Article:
The Fish
for 26 March 1998. Updated every WEEKDAY.
Suck Staff

Joey Anuff
Joey Anuff
Editor in Chief


Terry Colon
Terry Colon
Art Director


[the fixin' pixie... ]
Emily Hobson
Production Manager
and Drink Taster


Heather Havrilesky
Heather Havrilesky
Senior Editor


[Ian Connelly]
Ian Connelly
Marketing Manager


[Copy Edit]
Copy Edit

Suck Alumni
Suck Alumni Text

Carl Steadman
Carl Steadman


Ana Marie Cox
Ana Marie Cox
Executive Editor


Sean (Duuuuude) Welch
Sean Welch


Owen Thomas
Owen Thomas
Copy Editor


T. Jay Fowler

Production Manager

& Ass Kicker


[yes, it's a plunger. i'll l
eave the rest up to your imagination ... ]
Erin Coull
Production Manager


Matt Beer
Matt Beer
Development Manager

New Girl Order

Nice piece about the women.
Especially the connection
with the 11-year-old consumer
of bygone days. And the
notion about freedom being
the source of personal power.
And the part about orgasms in
urban apartments taking on a
new, post-pomo meaning. I
never thought of orgasms as
having any meaning at all!
And yet, there they are.
Fundamentally freeing.
Morphing culture when taken
in a new context. As if
instead of being defined by
culture, they define culture
themselves. McLuhan reified:
"The orgasm is the message?"
Oh, we are all animals after
all. OK by me!


You would say that. Animal.

Hypatia -

Fish With Letter Icon

DAMN fine essay! You put your
finger on the trigger of a
point-of-view for which I've
been searching for some time
now. Outstanding. It's a sad
society in which the only
sanctioned goals of women
seem to be Prize and Loser.
I'm a male (and
gender-content, thanks), but
I've been seriously disturbed
by what I see to be a failing
of the American Male. For
years I've labored under the
delusion that I'm an average
model of AM. Circumstances
occurring recently, however,
have dashed that belief; most
guys are still prehensile in
their attitude toward gals.
Having had two daughters at
an early age, I can tell you
this is terrifying. And as
you point out, an external
aura of Sweetness and Light
won't be changin' the fact
that it's only Ol' Madison
Avenue come knocking at the
door to sell us a Panacea.

What a bitter viewpoint. What
a horrible truth.

MISTER (w/ my name + views,
I'm really touchy @ that)
Inness Asher, struggling
doctoral candidate Lafayette,

Bitter viewpoints and
horrible truths are our

Fish With Letter Icon

Subject: Waaaait a second!

Viz Suck 3/13/98 (New Girl
Order) ...

Mother? Mother sees magazine
on floor? You don't still
LIVE with your mother, do
you? Female empowerment means
moving away from Mom. (Male
empowerment means learning
how to be a decent human
being instead of a jerk.)

Still, it is good to see
reference to one's mother as
a sensible person. Huzzah to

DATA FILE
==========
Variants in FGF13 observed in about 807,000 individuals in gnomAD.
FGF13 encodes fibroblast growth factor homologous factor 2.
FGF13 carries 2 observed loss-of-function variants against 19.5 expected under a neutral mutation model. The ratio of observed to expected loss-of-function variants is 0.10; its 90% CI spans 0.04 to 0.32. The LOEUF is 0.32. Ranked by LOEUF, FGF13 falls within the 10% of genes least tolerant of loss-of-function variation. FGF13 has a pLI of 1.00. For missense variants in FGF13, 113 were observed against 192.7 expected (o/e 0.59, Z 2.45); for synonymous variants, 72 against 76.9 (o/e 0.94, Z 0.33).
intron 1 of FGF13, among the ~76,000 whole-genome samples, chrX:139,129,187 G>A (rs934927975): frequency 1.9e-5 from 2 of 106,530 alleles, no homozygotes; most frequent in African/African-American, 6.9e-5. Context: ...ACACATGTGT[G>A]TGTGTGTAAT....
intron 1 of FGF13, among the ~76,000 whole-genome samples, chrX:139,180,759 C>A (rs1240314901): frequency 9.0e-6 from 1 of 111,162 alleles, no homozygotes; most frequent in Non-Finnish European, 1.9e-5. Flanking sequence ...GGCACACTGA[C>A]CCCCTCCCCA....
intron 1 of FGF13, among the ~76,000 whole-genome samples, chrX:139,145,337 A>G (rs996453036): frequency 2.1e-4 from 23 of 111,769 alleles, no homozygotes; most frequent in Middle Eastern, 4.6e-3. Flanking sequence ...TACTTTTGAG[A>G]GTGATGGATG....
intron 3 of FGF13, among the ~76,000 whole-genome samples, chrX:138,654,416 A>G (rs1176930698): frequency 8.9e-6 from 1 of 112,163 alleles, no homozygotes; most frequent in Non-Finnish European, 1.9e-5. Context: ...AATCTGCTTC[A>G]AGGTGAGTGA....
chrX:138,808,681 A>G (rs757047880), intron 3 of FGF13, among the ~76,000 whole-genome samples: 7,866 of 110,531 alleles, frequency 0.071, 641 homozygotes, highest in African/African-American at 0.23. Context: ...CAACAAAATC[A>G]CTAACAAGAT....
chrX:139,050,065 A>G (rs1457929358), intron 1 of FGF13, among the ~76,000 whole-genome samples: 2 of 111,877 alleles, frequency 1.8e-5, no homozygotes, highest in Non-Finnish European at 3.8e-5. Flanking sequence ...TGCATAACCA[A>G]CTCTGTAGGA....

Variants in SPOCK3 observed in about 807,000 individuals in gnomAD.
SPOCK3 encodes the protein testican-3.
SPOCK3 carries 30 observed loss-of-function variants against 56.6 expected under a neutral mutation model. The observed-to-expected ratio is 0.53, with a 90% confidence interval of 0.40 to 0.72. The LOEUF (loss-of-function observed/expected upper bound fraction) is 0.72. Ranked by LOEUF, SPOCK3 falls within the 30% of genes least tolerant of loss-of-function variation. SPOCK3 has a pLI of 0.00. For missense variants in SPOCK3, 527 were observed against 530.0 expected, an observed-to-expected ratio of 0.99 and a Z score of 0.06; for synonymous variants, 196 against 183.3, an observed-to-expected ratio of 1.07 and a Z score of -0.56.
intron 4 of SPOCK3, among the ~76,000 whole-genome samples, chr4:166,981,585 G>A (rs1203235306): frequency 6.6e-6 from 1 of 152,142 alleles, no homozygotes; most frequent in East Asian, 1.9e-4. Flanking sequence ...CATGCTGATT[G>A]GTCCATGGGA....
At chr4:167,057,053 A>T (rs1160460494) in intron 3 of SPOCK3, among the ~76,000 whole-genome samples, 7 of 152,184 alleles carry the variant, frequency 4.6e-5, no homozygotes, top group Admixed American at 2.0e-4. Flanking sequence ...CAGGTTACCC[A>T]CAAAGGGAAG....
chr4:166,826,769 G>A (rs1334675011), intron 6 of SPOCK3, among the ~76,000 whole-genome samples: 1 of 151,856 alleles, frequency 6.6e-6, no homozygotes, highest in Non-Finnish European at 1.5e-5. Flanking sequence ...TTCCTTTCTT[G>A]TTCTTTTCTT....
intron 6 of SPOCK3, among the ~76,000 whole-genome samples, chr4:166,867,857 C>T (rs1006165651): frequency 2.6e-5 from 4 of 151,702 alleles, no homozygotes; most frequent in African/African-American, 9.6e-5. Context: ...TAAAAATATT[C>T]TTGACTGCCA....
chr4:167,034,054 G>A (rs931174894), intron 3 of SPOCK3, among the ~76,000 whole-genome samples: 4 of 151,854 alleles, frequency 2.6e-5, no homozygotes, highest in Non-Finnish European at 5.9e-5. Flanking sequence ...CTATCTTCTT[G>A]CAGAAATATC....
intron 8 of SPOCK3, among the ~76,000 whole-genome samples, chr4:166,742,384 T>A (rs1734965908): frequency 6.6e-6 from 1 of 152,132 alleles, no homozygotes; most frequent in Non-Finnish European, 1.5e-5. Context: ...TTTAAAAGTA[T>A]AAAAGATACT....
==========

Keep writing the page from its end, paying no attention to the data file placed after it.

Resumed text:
you for such a rare
perspective. Anyway, all this
talk of boob power reminds me
of something I read that was
attributed to Helen Gurley
Brown, which said that most
women care more about how
they look because they know
most men aren't very capable
of thinking. Sigh.
Thankfully, Suck showcases
femme talent that is, at
times, quite brilliant.

Furthermore, here in the
late-20th-century, in this
most-privileged country,
surrounded by miraculous
technology, a shelf of books
that just hints at the
offerings of the millennium
of human culture, I have to
admit, it looks like some
people, somewhere, sometime,
must have done a lot of
thinking. That we are
continually bombarded by
contrary evidence should not
dishearten us, but rather
assure us that there are
challenges to be met and
folly to be exposed! Here's
to Suck for rising to the
occasion; cheers!

Some of them might even have
been women!

But, either way, let's be
thankful that they did lots
of thinking so we don't have
to. Cheers!

P. S. Suck, rising to the
occasion? Sounds like you
need more boob power in your

Fish With Letter Icon

Subject: New Girl Order

Interesting article.... I
just recently was exposed to
Bust magazine (actually the
day before your article
appeared on Suck) and,
although oddly attracted to
its devil-may-care
insouciance and
empowerment, I did notice a
couple of problems. You
articulated my worries well,
but another issue you didn't
address was the a priori
assumption that all men
approach sexuality exactly
the same. We are battling
against a male populace that,
without exception, is
interested in fucking women.
Game over. But I feel this
assumption shortchanges men,
much in the same way the
assumption that all feminists
are angry, bisexual women
shortchanges us.


Well, Bust's attempt to
imagine male sexuality, even
(let's say) a white boho
straight male sexuality, is a
start. There are habits and
forces (having skin and an
imagination, reading about
sex, being admonished by
religion, dealing with other
people, falling in love) that
stimulate and shape that
sexuality. In order to
imagine a more powerful and
aggressive female desire,
Bust reflects on and
fantasizes about this male
sexuality, which is itself
the product of fantasies made